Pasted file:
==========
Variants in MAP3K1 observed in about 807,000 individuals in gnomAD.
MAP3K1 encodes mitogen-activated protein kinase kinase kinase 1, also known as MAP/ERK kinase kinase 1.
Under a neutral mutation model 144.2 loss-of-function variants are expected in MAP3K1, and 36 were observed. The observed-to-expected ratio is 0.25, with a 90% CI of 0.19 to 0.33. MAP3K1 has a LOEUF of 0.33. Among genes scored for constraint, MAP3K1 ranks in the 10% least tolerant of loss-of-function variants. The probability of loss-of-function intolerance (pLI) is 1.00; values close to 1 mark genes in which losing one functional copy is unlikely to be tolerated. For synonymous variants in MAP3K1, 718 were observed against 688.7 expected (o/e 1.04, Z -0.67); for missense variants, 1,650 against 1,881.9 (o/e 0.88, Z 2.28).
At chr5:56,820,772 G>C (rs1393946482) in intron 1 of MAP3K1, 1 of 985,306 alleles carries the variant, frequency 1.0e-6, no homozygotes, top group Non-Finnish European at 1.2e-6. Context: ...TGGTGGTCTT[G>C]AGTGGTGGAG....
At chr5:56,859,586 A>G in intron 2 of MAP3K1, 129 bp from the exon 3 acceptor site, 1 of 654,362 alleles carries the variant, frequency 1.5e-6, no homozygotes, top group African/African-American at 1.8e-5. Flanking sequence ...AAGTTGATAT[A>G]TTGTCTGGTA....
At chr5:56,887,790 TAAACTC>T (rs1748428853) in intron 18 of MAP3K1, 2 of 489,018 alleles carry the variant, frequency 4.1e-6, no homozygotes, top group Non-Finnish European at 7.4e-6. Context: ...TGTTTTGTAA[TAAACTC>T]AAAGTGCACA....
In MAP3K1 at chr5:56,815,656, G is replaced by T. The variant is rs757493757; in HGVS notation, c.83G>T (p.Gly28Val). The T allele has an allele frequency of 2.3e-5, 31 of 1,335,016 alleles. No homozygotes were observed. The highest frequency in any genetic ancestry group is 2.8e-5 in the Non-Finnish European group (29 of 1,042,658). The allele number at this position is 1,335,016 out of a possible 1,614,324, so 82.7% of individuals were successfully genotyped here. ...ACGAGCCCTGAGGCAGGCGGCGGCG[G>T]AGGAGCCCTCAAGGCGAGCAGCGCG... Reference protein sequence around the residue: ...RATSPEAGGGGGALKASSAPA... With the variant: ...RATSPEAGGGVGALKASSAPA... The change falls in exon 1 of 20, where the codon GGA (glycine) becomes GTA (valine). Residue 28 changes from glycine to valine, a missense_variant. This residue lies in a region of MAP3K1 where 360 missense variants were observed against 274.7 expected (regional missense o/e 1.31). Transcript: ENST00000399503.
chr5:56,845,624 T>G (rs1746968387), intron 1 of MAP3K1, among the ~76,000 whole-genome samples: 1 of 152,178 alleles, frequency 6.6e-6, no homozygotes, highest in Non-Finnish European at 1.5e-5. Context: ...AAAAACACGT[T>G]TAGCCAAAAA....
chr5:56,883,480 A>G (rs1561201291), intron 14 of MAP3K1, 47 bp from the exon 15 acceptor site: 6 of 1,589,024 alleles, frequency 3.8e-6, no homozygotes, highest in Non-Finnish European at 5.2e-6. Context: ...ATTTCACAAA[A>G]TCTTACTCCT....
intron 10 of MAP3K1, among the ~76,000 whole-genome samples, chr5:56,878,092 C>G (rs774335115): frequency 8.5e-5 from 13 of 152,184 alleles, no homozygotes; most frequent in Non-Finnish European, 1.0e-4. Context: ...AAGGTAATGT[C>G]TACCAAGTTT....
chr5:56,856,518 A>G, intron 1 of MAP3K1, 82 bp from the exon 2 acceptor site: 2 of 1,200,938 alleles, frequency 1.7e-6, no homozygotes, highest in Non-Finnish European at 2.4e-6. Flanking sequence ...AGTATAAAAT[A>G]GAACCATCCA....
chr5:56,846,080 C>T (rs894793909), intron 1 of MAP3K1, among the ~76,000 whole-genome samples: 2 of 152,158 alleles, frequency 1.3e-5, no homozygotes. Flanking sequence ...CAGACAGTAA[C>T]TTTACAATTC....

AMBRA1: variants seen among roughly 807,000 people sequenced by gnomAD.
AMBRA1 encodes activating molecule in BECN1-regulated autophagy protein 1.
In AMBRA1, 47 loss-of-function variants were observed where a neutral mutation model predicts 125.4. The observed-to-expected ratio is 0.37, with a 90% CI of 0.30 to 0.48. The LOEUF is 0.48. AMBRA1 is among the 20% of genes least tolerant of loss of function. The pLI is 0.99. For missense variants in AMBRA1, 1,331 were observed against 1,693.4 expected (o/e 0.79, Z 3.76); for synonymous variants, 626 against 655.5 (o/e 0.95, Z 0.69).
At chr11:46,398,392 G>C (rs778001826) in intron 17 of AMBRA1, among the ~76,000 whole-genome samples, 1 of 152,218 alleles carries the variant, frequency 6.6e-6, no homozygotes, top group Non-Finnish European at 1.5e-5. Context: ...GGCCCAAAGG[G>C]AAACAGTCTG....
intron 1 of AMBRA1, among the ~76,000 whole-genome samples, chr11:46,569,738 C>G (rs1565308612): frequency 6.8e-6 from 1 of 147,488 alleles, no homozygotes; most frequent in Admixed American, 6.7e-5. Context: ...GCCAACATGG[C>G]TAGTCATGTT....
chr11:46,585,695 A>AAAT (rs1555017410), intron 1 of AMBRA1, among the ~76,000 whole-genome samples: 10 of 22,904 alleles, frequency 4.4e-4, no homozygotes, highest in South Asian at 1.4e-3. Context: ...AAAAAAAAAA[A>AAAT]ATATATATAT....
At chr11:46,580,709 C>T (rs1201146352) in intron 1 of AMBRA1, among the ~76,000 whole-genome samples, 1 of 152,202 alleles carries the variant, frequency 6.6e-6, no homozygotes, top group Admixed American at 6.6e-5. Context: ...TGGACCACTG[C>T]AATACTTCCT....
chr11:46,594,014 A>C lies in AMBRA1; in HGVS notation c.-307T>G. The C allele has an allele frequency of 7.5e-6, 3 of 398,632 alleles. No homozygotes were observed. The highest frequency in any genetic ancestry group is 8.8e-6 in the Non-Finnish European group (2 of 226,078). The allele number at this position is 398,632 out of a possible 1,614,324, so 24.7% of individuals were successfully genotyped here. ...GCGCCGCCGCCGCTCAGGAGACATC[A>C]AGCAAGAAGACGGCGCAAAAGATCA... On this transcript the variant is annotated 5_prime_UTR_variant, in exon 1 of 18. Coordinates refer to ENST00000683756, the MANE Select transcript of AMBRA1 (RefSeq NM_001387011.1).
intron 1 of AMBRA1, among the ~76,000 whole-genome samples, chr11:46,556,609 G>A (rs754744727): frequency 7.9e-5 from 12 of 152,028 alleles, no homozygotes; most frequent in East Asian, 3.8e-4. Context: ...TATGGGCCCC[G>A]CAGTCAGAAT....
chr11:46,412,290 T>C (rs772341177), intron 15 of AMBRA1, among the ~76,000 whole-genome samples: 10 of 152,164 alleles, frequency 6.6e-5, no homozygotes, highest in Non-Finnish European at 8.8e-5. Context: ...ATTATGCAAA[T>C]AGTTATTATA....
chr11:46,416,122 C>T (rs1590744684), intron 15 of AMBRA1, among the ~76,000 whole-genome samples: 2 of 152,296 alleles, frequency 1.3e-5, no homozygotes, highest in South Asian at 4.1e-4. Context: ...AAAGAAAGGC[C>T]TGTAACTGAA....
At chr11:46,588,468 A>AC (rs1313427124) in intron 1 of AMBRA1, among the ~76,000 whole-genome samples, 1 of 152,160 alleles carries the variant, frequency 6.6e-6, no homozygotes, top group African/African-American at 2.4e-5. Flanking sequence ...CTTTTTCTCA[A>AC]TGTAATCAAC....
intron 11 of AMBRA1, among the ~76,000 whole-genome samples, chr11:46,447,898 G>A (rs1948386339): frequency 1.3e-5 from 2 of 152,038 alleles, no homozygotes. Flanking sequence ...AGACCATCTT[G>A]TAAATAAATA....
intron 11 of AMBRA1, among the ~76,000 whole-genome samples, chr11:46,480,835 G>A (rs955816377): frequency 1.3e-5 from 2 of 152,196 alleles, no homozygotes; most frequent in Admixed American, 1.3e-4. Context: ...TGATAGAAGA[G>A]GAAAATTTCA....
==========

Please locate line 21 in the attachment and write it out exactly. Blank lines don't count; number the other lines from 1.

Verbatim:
intron 1 of AMBRA1, among the ~76,000 whole-genome samples, chr11:46,556,609 G>A (rs754744727): frequency 7.9e-5 from 12 of 152,028 alleles, no homozygotes; most frequent in East Asian, 3.8e-4. Context: ...TATGGGCCCC[G>A]CAGTCAGAAT....